The changes America’s children need to get a better education require political courage and hard work. But in many cases the steps are surprisingly straightforward — and can be taken anywhere.

Arne Duncan is U.S. Secretary of Education

Education Datapalooza

Duncan at Education DatapaloozaYesterday I participated in an Education Datapalooza hosted by the White House and U.S. Department of Education.  More than 600 people packed into an auditorium to discuss innovation in higher education—and what I heard and saw makes me excited for the future! The gathering was a response to President Obama’s call this past August to improve value and affordability in postsecondary education, in which he outlined an ambitious plan that included a major focus on innovation.  As part of his call to action, the President and the First Lady are speaking today about the importance of ensuring that every child, rich or poor, has the opportunity to access a quality college education.

At the Education Datapalooza, we gathered to celebrate innovative products, apps, websites, and other tools to help students get to and through postsecondary education. Many of the tools help students and families navigate the college choice and selection process. Others focus on improving teaching and learning, especially in ways that leverage technology to improve online and classroom-based instruction.

Events like this one are exciting because they bring together so many different people from different backgrounds and experiences. The event featured entrepreneurs and software developers, along with researchers in the fields of college access and learning. It also featured students, who taught college guidance counselors how to use the latest mobile apps so that they could refer other students to them, along with policymakers and representatives of non-profits that represent student voices. Video of the day will be posted soon here: www.ed.gov/datapalooza.

Duncan at DatapaloozaPart of Datapalooza was an innovation showcase, at which more than fifty organizations participated by giving live product demonstrations of their tools to empower students and families to make informed decisions about college—and improve teaching and learning. Among the participants were several teams that began developing their tools only a few weeks prior, as part of the Data Jams hosted by the White House and Department of Education to catalyze innovation. I got a chance to walk through the innovation showcase and meet with the entrepreneurs and student advocates who are developing new tools. The energy and excitement in the room was tremendous.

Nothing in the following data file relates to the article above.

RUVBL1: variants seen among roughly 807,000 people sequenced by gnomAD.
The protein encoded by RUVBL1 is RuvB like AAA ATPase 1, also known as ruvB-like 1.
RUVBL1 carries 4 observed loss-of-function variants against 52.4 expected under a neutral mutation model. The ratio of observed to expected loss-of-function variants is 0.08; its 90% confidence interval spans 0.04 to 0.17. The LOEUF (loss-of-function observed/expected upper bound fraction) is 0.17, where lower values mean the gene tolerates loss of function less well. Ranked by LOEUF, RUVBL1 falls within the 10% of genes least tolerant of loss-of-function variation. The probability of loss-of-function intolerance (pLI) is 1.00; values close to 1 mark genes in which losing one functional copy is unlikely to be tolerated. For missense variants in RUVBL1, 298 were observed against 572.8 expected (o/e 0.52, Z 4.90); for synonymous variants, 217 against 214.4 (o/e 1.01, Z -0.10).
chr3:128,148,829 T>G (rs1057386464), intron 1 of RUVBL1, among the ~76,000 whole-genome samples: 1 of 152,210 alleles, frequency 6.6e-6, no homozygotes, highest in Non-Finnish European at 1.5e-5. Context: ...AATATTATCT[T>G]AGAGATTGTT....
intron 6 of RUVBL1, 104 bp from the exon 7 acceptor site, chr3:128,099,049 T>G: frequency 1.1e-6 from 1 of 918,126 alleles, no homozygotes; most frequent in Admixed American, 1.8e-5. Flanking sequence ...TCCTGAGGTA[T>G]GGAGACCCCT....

Many of the tools and apps developed, use open data provided by the Department of Education and other federal sources. In the past, even data that was free to the public was often difficult to find and use. Knowing that it is critical to innovation, President Obama signed an Executive Order last May directing agencies to make government-held data more accessible to the public and to entrepreneurs. Building on the Executive Order, the Department of Education announced a new public data inventory that went live in December.

And yesterday, we announced our intention to issue a Request for Information (RFI) to gather ideas and feedback on potential development of Application Program Interfaces (APIs) with key education data, programs, and frequently used forms—including the Free Application for Federal Student Aid (FAFSA). APIs offer the potential for developers to interact with these federal resources in new ways, including developing apps or services that benefit students and consumers.

While Datapalooza was the culmination of months of hard work by entrepreneurs and college experts, it is also just the beginning of a wider conversation. In the weeks and months ahead, the Administration will continue outreach to the community seeking to catalyze innovation. We value your input, so please send your ideas to Datapalooza@ed.gov.  We hope to engage those who participated in Datapalooza and others who are committed to promoting opportunity for American students.

Arne Duncan is U.S. Secretary of Education

Looking Back at 5 Memorable School Visits of 2013

Bret Tarver

Secretary Arne Duncan received a daily weather forecast from students during his visit to Bret Tarver Education Complex in Phoenix.

I visit a lot of schools each year, and it is probably the greatest highlight of my job. Getting out of Washington and into classrooms provides me with the opportunity to talk with students, teachers, parents, and college leaders on what is working and what we still need to accomplish. Their voices are the driving force behind improving education in our country.